Stephen King wrote Carrie on a child’s desk in a trailer laundry room. He graduated to an oak slab in a spacious, skylighted study after he sold the manuscript. But while the new digs may have felt like an upgrade, King found they brought out his worst tendencies. “For six years I sat behind that desk either drunk or wrecked out of my mind,” he confessed in On Writing: A Memoir of the Craft, “like a ship’s captain in charge of a voyage to nowhere.”
Eventually, King sobered up and returned to a more humble arrangement: a small desk placed in the corner of a modest-sized room. He recommends others do the same: “Every time you sit down there to write, remind yourself why [the desk] isn’t in the middle of the room. Life isn’t a support system for art. It’s the other way around.”
Clearly, not all writers have shared King’s beliefs about work-life balance. Nor, it would seem, his austere approach to interior design. As the following photos attest, many imbue the rooms in which they write with an aesthetic style that can only be described as ‘writerly’. Some are ornately decorated, maximalist in their declaration of what transpires within their walls; others take a more modest route: a computer on a desk in a shed (that just happens to overlook a picturesque snowscape).
Those who haven’t topped The New York Times Best Seller list may have to settle for more modest arrangements. (This article was drafted on a dining table overlooking a full sink of dishes). But here’s a little inspiration, sourced from various corners of the internet, should you feel like embarking on a little home renovation project.
Before he wrote How to Change Your Mind, a real-life account of taking psychedelics in your 60s, Michael Pollan wrote A Place of My Own: The Architecture of Daydreams. In it, the American food writer and journalist recounts the story of building a tiny writing hut in the woods behind his Connecticut house. The book neglected to include any photos of the hut in question, to the chagrin of some of Pollan’s readers. Perhaps sensing the shortcoming, he later uploaded the below images to his website. We’re not sure if they’re worth a thousand words, but they’re definitely nice. About a hundred should do it.
Following in Pollan’s modest-but-quietly-charming steps is Neil Gaiman. The Sandman and American Gods author had his writing gazebo built in his backyard in the ’90s, and goes through phases of using it. “I’ll abandon it for 5 years, then rediscover it with delight,” he says in the architecture book Shedworking. “Nothing ever happens down there. I can look out of the window and some wildlife will occasionally look back, but mostly it's just trees, and they are only so interesting for so long, so I get back to writing, very happily.”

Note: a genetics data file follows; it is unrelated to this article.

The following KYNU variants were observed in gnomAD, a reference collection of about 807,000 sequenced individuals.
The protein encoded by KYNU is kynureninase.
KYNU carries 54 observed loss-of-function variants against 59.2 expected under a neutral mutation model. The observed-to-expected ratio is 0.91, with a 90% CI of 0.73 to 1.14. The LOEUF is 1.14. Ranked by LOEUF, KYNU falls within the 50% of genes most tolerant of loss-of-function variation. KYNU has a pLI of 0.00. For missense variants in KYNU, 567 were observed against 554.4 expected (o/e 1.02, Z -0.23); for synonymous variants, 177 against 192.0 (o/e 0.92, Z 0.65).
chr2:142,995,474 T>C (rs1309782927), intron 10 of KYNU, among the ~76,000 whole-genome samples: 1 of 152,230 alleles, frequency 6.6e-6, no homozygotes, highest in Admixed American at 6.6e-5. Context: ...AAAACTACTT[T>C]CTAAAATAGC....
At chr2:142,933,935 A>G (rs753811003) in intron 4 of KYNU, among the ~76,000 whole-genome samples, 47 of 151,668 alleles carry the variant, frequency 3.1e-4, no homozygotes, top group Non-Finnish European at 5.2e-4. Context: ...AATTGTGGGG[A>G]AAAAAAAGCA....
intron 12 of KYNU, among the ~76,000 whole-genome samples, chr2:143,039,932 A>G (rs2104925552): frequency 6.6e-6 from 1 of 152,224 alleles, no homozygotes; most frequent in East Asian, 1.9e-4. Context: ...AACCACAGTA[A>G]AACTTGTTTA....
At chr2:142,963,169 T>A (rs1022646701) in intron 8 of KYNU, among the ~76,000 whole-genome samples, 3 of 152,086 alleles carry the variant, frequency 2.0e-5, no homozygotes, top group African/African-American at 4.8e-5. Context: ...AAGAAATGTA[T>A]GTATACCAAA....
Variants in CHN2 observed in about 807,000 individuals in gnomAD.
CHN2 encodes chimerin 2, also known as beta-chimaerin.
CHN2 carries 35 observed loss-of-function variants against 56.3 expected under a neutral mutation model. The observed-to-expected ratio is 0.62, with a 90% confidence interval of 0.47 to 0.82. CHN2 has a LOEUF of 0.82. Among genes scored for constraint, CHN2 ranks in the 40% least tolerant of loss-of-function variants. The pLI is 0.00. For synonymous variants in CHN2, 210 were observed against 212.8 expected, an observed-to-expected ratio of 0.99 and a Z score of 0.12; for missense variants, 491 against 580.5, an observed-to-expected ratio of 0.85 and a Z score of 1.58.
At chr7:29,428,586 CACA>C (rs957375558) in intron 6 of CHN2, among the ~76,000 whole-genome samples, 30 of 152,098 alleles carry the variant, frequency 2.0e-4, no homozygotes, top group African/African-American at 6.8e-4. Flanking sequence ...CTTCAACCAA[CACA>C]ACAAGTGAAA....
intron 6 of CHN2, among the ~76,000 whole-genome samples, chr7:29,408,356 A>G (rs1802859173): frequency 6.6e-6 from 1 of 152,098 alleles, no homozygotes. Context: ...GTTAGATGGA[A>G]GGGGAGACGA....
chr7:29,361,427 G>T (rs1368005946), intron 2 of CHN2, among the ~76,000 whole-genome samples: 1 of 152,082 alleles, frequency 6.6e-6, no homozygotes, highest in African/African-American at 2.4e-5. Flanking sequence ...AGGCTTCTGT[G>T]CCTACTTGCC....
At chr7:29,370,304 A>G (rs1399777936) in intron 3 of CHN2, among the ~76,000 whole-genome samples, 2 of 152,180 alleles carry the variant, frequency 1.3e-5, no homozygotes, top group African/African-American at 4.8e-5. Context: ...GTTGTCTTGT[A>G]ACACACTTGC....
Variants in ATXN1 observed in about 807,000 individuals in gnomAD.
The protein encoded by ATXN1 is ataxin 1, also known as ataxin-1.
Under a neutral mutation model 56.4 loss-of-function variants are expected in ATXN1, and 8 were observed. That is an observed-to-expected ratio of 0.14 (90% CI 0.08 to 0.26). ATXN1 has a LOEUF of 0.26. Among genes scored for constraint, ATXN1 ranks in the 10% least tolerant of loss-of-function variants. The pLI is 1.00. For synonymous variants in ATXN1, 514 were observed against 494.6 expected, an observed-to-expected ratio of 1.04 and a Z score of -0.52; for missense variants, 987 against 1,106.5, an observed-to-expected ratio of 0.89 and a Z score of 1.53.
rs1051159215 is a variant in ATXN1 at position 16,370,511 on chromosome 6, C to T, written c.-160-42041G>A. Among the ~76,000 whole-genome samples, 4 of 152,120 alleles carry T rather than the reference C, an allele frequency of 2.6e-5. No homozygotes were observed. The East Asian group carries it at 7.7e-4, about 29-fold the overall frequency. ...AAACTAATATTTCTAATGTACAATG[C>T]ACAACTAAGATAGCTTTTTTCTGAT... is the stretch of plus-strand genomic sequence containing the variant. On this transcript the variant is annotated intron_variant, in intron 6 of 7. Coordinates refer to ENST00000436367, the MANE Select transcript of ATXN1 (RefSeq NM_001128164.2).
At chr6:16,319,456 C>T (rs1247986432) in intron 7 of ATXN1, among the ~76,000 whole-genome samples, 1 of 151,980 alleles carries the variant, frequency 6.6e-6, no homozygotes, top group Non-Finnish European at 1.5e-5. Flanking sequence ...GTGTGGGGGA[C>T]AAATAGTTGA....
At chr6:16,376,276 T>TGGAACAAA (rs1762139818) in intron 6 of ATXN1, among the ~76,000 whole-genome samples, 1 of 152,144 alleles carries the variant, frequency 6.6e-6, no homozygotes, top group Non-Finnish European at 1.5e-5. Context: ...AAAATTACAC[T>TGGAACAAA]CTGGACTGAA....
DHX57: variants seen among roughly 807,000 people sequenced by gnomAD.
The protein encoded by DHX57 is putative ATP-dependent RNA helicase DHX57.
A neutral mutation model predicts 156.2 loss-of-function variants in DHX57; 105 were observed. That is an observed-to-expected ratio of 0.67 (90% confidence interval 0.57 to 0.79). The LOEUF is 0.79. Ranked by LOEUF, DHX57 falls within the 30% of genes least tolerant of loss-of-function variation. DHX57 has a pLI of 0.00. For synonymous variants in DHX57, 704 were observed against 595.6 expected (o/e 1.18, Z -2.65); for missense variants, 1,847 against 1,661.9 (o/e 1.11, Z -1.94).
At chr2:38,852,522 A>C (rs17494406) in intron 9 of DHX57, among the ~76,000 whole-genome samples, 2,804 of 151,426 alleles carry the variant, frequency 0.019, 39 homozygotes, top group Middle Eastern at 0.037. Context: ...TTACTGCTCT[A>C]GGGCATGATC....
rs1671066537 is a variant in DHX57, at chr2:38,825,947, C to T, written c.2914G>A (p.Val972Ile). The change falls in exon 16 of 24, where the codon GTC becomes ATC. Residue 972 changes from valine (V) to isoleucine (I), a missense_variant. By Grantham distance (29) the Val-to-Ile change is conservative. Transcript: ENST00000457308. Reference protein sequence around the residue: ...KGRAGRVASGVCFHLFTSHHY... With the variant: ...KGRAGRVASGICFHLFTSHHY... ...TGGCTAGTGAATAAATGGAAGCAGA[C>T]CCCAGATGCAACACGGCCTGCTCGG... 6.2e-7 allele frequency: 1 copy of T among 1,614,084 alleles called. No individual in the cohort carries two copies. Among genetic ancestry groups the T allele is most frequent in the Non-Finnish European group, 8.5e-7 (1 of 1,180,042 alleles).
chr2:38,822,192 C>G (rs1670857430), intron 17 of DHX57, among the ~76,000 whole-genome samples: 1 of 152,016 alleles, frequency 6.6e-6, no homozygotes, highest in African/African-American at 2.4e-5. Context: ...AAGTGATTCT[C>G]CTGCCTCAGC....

It’s not the most revealing photo, focusing as it does on Joan Didion and her husband John Gregory Dunne as they work on a script in what looks like the living room of one of their California residences. But when given the opportunity to include Joan Didion in a piece of writing—even one as insubstantial as an interior design listicle—you take it. Especially if you’re struggling to find photos of female writers’ writing rooms. Trust me, I looked.
Based on his office setup, you could be forgiven for thinking Will Self moonlights as an amateur detective. The Man Booker Prize-nominated author clearly has a thing for Post-it notes, which he uses to keep track of his dense, James Joyce-ian prose, and maps, which he uses to keep track of the geography his charters traverse.
As Self tells The Guardian, “I should imagine my writing room is very much as anyone would have envisaged it—if they could’ve been arsed: the wheel-scoured floorboards, the scaled-up desk, the council block through the greasy windowpane, the London map stapled to the blind.”
“I can’t throw anything away,” Self continues. “Anything. I’m going to end up like one of those old weirdos who lives in a network of tunnels burrowed through trash—yet I do not fear this.”
Legendary children’s author (and noted anti-Semite) Roald Dahl wrote his most famous books in a Buckinghamshire shed he affectionately called the Gipsy House. “The whole of the inside was organised as a place for writing,” recalled Quentin Blake, who illustrated dozens of Dahl’s books, “as he didn’t want to move from his chair everything was within reach. He wrote on yellow legal paper with his favourite kind of pencils.”
“I didn't go into the shed very often, because the whole point of it as far as Roald was concerned was that it was private, a sanctuary where he could work where no one interrupted him.”
Pullman wrote the entire His Dark Materials trilogy in this shed in Oxford, which he had built shortly after his son started playing the violin. ‘I have my little superstitions,” he told the BBC. “One of them [is to] let the cobwebs grow while I’m writing the book and I tidy it up afterwards.” That must take some work: Pullman writes three pages a day—no more, no less—and only wraps things up at around the 1300-page mark.
Danielle Steel may be the only author to have published more books than Stephen King (190 and counting, all of them bestsellers), so we’re going to forgive her for doing the polar opposite of what King recommends: glorifying the artifice of writing to an almost religious degree. “I had my desk made by some artisans about 25 years ago,” she told Vanity Fair of her Johnson and Friends-esque furniture. “They chose the colors and book titles—I love it.” Whatever gets the juices flowing, I guess.